Structure: The workshop will include multiple interactive components including: (1) at least two guided mindfulness exercises, (2) an exercise to help clinicians understand and more effectively communicate with clients with whom they feel frustrated or stuck, and (3) roleplays of techniques introduced in the workshop. The workshop will also include presentation of therapy techniques and case vignettes, although even those will include interactive discussions—with frequent invitation for participants to ask questions and share their own client experiences.
For Family Members & Those With Lived Experiences of BPD
Porcupine Love: Dealing with Dysregulated Behaviors in Long-term Intimate Relationships Where One Partner has BPD or its Symptoms
Audience: Family Members & Those With Lived Experience of BPD
Presenters: Cathleen Payne, an individual with lived experience, in her 36th year of marriage, and also the Secretary of National Education Alliance for Borderline Personality Disorder Board of Directors; Tina Moore, Program Manager, National Education Alliance for Borderline Personality Disorder
Abstract: People with BPD, and/or its hallmark symptom of emotion dysregulation, have trouble in their long-term, intimate relationships due to their highly sensitive emotions, the emotional pain they suffer on a daily basis, and the oft-ensuing “emotional storms” that can result when conflict arises. These people deserve to have love and long-term intimate relationships, just like all people do. Emotional dysregulation can lead to behaviors and/or harsh words that can damage relationships if left unrepaired.There is a dearth of resources available to help people with this condition and their partners, especially from the perspective of lived experience. This workshop will share some information, some personal and painful experiences, and an example of a type of repair that “life-long partners of 36 years-and-counting” have developed that often help us manage/negotiate the difficulties in the relationship that arise from one partner having this debilitating condition.
Structure: The person with BPD will share some slides, describe how this mental condition affects her, especially in times of conflict, and share the difficulties she has encountered in maintaining a long-term, intimate relationship with this condition. She will share some structures she and her husband-of-36-years have developed to help them, such as a “playbook for your partner” and “a 60-second repair” that others can develop on their own to adapt to their particular circumstances. There will also be at least two role-plays with the speaker and another demonstrating what the speaker and her spouse have tried that have helped them.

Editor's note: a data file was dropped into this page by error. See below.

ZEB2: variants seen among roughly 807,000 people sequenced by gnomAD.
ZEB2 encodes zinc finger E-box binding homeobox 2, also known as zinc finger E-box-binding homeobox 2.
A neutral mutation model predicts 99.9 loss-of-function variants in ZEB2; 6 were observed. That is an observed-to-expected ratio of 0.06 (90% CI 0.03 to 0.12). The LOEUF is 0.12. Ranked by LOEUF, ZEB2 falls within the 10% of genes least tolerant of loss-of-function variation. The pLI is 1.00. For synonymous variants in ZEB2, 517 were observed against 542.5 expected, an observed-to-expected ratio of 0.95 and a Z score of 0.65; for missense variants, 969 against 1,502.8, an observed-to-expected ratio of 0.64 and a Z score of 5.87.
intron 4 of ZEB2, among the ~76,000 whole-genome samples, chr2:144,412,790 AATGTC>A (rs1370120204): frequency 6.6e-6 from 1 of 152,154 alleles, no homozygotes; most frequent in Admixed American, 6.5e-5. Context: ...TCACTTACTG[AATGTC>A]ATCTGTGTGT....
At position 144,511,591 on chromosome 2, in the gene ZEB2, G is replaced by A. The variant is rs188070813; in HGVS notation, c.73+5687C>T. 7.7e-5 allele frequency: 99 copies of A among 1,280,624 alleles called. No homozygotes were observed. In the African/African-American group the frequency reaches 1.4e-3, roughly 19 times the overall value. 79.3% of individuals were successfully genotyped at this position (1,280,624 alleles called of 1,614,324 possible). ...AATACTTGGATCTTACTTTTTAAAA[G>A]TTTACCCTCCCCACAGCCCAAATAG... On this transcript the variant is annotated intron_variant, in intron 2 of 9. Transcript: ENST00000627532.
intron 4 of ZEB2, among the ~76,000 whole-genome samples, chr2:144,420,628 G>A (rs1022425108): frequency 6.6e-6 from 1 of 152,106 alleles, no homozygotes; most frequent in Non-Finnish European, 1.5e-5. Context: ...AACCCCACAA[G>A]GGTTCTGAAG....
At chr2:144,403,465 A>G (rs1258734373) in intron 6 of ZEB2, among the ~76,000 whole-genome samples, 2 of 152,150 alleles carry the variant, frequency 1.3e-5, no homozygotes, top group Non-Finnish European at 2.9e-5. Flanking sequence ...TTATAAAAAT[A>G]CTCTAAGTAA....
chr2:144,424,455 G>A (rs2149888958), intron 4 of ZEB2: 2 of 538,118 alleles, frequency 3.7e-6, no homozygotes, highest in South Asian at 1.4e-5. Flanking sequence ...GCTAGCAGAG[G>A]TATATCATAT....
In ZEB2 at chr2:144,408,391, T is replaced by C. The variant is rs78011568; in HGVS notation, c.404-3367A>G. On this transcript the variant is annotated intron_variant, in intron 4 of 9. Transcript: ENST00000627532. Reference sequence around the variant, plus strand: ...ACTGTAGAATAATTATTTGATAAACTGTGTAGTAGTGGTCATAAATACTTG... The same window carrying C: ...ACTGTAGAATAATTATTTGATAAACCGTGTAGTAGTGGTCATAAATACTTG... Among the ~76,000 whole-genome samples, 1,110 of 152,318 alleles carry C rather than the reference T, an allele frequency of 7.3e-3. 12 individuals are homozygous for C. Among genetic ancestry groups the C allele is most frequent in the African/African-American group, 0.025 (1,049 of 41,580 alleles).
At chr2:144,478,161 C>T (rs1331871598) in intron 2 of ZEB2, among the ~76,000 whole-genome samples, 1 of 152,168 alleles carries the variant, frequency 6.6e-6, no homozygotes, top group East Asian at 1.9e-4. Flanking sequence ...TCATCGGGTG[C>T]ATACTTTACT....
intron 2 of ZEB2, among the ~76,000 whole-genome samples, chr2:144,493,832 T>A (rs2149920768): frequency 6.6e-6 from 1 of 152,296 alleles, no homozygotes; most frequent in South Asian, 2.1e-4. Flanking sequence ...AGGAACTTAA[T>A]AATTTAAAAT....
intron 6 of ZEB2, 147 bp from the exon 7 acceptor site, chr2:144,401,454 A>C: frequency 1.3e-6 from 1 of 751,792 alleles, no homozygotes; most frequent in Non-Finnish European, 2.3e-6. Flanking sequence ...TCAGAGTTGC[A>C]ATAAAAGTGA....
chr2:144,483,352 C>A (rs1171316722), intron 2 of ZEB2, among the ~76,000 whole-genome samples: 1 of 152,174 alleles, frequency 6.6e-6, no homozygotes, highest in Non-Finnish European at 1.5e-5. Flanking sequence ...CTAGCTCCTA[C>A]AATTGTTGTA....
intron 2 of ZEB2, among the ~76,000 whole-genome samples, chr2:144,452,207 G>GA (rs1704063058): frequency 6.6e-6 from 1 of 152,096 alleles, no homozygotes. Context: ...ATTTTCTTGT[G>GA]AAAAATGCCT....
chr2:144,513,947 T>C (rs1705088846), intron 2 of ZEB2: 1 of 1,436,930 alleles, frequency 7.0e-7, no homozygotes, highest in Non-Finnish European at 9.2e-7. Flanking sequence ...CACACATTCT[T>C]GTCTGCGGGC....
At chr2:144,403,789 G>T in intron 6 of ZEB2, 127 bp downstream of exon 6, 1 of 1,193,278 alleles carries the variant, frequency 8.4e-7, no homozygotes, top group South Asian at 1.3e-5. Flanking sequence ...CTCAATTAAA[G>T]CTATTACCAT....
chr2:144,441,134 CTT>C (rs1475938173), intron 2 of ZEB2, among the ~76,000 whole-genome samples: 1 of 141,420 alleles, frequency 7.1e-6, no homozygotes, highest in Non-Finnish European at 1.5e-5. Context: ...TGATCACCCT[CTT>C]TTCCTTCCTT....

How to increase awareness to decrease regret: Utilizing a specific mindfulness tool to change disruptive behaviors
Audience: Those With Lived Experience of BPD
Presenters: Joanna L. Fava, PhD
Abstract: When I was working in corrections, a particular client was repeatedly getting his incarceration time extended because he would become aggressive with others on the unit and acquire new assault charges. This was creating much distress for him; intellectually he knew he needed to stop this behavior so he could get back home to his family. However, when his emotions would spike, he felt like he could not stop himself and would later feel tremendous regret and sadness over his impulsivity. We worked to increase his awareness around this behavior and identify his “key cue” (e.g., he noticed his ears would get hot from rage right before he would have the urge to hit someone.) One day while on the unit, I noticed words being exchanged between inmates and this client was right in the middle of the situation. I was sure he was about to do it again and push or hit the person across from him. He then shouted out, “My ears are hot!” and marched into his cell, asking the guard to shut his door. He felt intense pride instead of regret at his ability to catch the disruptive behavior and change his course of action in that moment, taking back his power. Attendees of this workshop will similarly be guided through the process of breaking down a disruptive behavior, identifying the cue that can signal one to STOP, and a replacement plan for how to respond instead.
Structure: An overview will be provided of how mindfulness to our vulnerability factors and to the moments that precede a disruptive behavior is the key to changing this behavior. Examples will be provided and attendees will be broken into groups and offered time to reflect on their own behaviors so they too can develop a plan for how to change it. This will be relevant for clinicians (as a way to help with behavior change in clients) as well as for people with lived experience (struggling to change certain behaviors that are sabotaging their goals).